Executives in Recovery: How to Re-enter the Workplace After Rehab

Executives in Recovery

Executives in Recovery: How to Re-enter the Workplace After Rehab

Alcoholism can be a devastating disease, damaging the lives of alcoholics and the people who love them. Alcohol addiction can lead to broken relationships, divorce, and separation of children from their parents. It can destroy user’s financial lives through poor monetary decisions and lost jobs or wages. While these consequences are daunting, treatment for workaholics can save the life of the alcoholic and, in doing so, dramatically improve the life of his or her family and loved ones. While treatment for alcoholics is no easy feat, it is just the beginning, not the end, of recovery. Upon completion of a treatment program, the executives in recovery must re-enter their old lives and learn how to navigate its challenges as a sober adult.

Alcoholics in the Workforce

Legally, employers have the right to fire employees for subpar performance, whether it is due to substance abuse problems or any other reasons. However, many employers want to help employees struggling with addiction. Many employers will hold an employee’s job for the duration of rehab or allow the individual to attend rehab with an understanding that they will have a job if they are able to successfully complete treatment and maintain a sober lifestyle. Larger companies may have specific policies set up to deal with employees who struggle with substance abuse.

Executives in Recovery Returning to the Workforce

Executives in recovery coming back to work after rehab are faced with their own set of challenges. Depending on the individual’s behavior before rehab, coworkers may gossip about the reasons behind the leave-of-absence and may be nosy. It is important to remember that, by law, the reasons for departure and return are confidential, and the employee has a right to privacy. If the alcoholic in recovery wishes to share his story, that is his decision.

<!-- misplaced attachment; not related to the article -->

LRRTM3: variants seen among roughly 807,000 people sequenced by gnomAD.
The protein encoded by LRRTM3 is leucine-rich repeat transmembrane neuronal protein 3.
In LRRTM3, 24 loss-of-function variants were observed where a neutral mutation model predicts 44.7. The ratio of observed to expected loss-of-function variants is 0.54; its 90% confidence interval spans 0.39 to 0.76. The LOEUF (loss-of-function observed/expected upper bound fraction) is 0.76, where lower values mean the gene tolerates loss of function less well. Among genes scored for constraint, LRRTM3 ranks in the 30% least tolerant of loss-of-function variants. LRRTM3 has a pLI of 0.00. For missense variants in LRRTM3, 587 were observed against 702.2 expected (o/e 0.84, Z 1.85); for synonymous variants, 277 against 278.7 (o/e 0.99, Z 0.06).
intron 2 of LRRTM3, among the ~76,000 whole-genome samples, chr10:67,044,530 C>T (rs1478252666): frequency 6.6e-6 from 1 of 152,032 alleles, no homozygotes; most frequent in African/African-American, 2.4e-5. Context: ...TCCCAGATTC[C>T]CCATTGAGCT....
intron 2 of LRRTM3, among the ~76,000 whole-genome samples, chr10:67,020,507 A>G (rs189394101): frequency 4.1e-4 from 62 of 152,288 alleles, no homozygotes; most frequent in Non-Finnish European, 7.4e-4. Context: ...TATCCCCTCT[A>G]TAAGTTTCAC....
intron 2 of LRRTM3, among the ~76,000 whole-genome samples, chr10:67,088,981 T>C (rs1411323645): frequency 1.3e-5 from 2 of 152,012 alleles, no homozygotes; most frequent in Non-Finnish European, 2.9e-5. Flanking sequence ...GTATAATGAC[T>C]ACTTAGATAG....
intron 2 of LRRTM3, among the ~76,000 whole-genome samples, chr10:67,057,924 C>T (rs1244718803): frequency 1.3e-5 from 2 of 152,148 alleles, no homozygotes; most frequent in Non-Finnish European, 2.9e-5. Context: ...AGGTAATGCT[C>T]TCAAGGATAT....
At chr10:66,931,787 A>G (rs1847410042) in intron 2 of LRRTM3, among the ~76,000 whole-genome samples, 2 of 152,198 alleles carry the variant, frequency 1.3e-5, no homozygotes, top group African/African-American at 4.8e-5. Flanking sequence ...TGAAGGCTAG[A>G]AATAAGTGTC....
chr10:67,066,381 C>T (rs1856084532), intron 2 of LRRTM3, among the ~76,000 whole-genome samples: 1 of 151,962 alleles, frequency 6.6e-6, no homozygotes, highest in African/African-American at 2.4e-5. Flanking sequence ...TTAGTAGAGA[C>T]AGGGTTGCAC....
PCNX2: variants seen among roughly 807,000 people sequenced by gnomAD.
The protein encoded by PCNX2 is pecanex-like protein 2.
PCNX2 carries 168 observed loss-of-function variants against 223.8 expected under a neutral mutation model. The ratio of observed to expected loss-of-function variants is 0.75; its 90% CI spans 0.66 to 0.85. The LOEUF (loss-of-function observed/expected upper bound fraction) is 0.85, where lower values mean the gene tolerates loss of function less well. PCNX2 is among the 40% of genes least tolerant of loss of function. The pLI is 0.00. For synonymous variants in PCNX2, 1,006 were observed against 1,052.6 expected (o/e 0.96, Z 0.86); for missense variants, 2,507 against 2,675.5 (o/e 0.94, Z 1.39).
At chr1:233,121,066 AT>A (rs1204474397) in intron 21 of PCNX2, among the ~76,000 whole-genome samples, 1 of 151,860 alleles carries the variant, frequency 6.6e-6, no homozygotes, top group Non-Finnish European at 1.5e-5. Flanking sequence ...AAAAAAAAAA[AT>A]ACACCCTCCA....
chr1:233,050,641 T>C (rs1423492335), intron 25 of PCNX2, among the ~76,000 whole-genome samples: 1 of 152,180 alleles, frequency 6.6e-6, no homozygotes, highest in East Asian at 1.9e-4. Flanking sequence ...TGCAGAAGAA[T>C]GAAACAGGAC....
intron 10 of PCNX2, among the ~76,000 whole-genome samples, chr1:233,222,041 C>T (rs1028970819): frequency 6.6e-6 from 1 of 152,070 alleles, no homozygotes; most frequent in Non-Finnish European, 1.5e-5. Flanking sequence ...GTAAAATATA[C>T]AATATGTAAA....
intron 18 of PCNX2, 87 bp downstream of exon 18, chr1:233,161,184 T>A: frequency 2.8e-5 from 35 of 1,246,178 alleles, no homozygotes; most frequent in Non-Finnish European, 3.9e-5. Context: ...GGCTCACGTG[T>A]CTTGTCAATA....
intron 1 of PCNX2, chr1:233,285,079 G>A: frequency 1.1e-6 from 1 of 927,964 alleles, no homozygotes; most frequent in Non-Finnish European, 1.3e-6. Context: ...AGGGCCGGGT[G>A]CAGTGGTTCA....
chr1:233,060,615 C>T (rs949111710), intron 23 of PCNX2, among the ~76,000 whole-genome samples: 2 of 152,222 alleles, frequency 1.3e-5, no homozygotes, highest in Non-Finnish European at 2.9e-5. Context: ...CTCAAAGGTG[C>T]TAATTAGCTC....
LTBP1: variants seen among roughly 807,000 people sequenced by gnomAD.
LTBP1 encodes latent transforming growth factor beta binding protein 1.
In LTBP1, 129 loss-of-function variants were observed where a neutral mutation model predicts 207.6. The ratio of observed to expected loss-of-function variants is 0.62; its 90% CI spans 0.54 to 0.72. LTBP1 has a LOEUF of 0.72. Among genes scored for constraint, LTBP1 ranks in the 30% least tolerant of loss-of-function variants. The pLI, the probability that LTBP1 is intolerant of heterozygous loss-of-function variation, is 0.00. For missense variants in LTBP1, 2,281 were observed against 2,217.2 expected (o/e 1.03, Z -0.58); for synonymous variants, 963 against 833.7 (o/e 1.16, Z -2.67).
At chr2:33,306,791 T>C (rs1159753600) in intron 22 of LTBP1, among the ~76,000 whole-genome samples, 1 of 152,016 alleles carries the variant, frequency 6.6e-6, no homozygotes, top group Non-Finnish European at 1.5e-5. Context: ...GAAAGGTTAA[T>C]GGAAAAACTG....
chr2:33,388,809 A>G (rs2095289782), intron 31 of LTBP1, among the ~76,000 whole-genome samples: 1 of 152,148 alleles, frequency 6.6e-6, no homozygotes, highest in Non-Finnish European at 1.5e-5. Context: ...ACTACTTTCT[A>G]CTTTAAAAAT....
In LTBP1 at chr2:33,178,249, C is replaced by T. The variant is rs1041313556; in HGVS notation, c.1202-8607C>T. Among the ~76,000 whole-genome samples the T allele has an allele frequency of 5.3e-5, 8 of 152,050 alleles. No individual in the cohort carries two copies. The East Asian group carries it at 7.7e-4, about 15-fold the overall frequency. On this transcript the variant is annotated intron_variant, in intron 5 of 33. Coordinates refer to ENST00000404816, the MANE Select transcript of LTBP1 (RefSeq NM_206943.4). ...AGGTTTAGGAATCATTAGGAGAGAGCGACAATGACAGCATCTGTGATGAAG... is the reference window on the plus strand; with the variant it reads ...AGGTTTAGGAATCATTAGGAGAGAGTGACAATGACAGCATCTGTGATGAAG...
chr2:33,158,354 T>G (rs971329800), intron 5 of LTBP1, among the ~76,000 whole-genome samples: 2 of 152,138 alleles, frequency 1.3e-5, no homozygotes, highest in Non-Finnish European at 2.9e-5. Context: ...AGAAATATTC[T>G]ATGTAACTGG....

In terms of job expectations, the U.S. Department of Labor suggests creating a return-to-work agreement before the employee comes back. It should outline the employer’s expectations for the returning employee, including zero-tolerance for substance abuse, with the stipulation that breaking the agreement is grounds for termination. Another challenge in returning to work after rehab is learning to deal with the stress without the release of alcohol abuse. The recovering alcoholic will need to utilize new strategies, such as mindfulness exercises, yoga, breathing, or other physical activities to reduce stress.

Reducing Stress To Avoid Relapse

While returning to work can be challenging, it also offers some benefits to the recovering alcoholic. The workplace is a structured environment that provides opportunities for creative thinking, problem, solving, and socialization. It gives the individual a purpose and an identity. But for recovering addicts, there is always the risk of replacing one addiction for another, and one risk for a recovering alcoholic is becoming a work addict.

Recovering alcoholics fresh out of treatment may throw themselves back into work and quickly develop the hallmarks of addiction, such missing out on social obligations to work, thinking about and craving work at inappropriate times, and allowing work to negatively impact personal lives and relationships. Working too much may lead to burnout or create too much work-related stress, which can trigger a relapse of alcohol use.

When returning to work, executives in recovery need to be mindful that becoming a workaholic is a possibility and be on the lookout for changes in work habits, such as skipping important events or losing interest in previously enjoyable activities. Recovering alcoholics should gradually increase work responsibilities instead of jumping right back in and resist the urge to prove themselves to coworkers and employers. Work addiction treatment is available if needed. Call our toll-free number today for help with any type of addiction.

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